Google Analytics 4 is at the front of everyone’s mind at the moment. From conversations with clients and industry peers, popular consensus seems to be fairly negative. This is understandable, and to some extent, deserved. GA4 has been rushed to market and is a little undercooked as a result. Some features available in the previous version, Universal Analytics, are not (yet) available in GA4. Other new features introduced by GA4 are not relevant or useful to a lot of website/app owners, which contributes towards making GA4 more confusing.
However, there are some positives missing from the conversation. Some of GA4’s new features and functionalities are genuine value-adds and a step up from Universal Analytics. One of these key features is the User ID functionality.
What is a User ID?
While Google’s privacy policies disallow tracking of personally identifiable information (PII), the User ID does not breach this policy, as it will typically be an ID number or random string that does not allow the user to be directly identified.
A User ID is a unique identifier for individual users. If a user is in a logged-in state, you can send their User ID to GA4 with any tracked Events that the user triggers.
The important thing to note is that User ID always remains the same whenever that user is logged-in to the site. This is the crux of how it works.
How does User ID work?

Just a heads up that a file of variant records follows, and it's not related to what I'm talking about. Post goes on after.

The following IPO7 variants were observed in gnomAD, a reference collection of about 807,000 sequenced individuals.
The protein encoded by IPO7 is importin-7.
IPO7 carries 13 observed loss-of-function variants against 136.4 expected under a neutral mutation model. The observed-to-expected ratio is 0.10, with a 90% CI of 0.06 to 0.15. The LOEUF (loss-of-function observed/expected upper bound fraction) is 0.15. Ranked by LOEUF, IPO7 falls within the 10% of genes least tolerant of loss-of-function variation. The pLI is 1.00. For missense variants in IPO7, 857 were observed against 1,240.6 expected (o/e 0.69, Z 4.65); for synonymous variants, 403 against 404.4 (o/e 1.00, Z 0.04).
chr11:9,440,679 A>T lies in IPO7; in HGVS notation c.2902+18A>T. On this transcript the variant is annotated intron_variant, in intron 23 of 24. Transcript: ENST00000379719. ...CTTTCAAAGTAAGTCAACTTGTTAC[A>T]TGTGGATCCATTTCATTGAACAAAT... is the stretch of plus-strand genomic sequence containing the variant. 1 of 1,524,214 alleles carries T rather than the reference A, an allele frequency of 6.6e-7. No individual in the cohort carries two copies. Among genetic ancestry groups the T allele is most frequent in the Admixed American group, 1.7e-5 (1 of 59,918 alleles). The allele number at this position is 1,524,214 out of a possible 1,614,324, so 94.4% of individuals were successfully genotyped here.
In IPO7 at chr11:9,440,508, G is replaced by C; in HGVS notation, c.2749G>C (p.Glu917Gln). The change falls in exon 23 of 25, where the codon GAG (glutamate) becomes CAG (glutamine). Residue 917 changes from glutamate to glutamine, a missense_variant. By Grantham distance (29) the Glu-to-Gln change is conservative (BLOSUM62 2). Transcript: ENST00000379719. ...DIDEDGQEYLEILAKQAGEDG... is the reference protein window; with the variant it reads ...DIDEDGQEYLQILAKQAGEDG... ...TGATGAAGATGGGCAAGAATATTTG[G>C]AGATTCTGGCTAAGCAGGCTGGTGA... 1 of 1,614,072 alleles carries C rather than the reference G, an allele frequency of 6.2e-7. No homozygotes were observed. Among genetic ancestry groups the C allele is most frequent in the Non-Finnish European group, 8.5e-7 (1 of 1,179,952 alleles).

When a user authenticates themself – whether by logging into a customer portal, or signing in to their webstore account – you definitively know who they are. You can then assign a unique identifier to that user from your CMS or database (e.g. XYZ789) and track their activity throughout your website or app across multiple sessions, regardless of the browser or device they are using.
You’ll need to configure your Google Analytics tracking code to include User ID in the data that’s sent to GA4 servers. GA4 will then use this ID instead of a cookie to identify the user.
Wasn’t the User ID around in Universal Analytics?
User ID is not new to GA4. It was available in Universal Analytics (UA) as well. However, one of the major drawbacks with User ID in Universal Analytics is that it needs to be implemented to a separate, dedicated View in your GA account. Therefore, data of signed-in users and guests are segregated, making reporting difficult.
In GA4, User ID can be tracked within your main GA4 property, providing a unified view of all your visitors across both websites and applications.
Benefits of the User ID feature
Improved user count
One of the key benefits is improved accuracy in the number of reported users. Without User ID tracking, the user count for most Google Analytics accounts is likely to be inflated.
Why is this? A user is technically counted as one Google Analytics cookie, which can only exist on the browser and device where it’s been set. Google Analytics cannot identify unique users across different web browsers.
Consider this example with no User ID tracking: I am on my desktop computer and I visit a website on Chrome, then again on Firefox. I open my phone and use Chrome to visit the website. In this scenario, Google Analytics would count me as 3 users.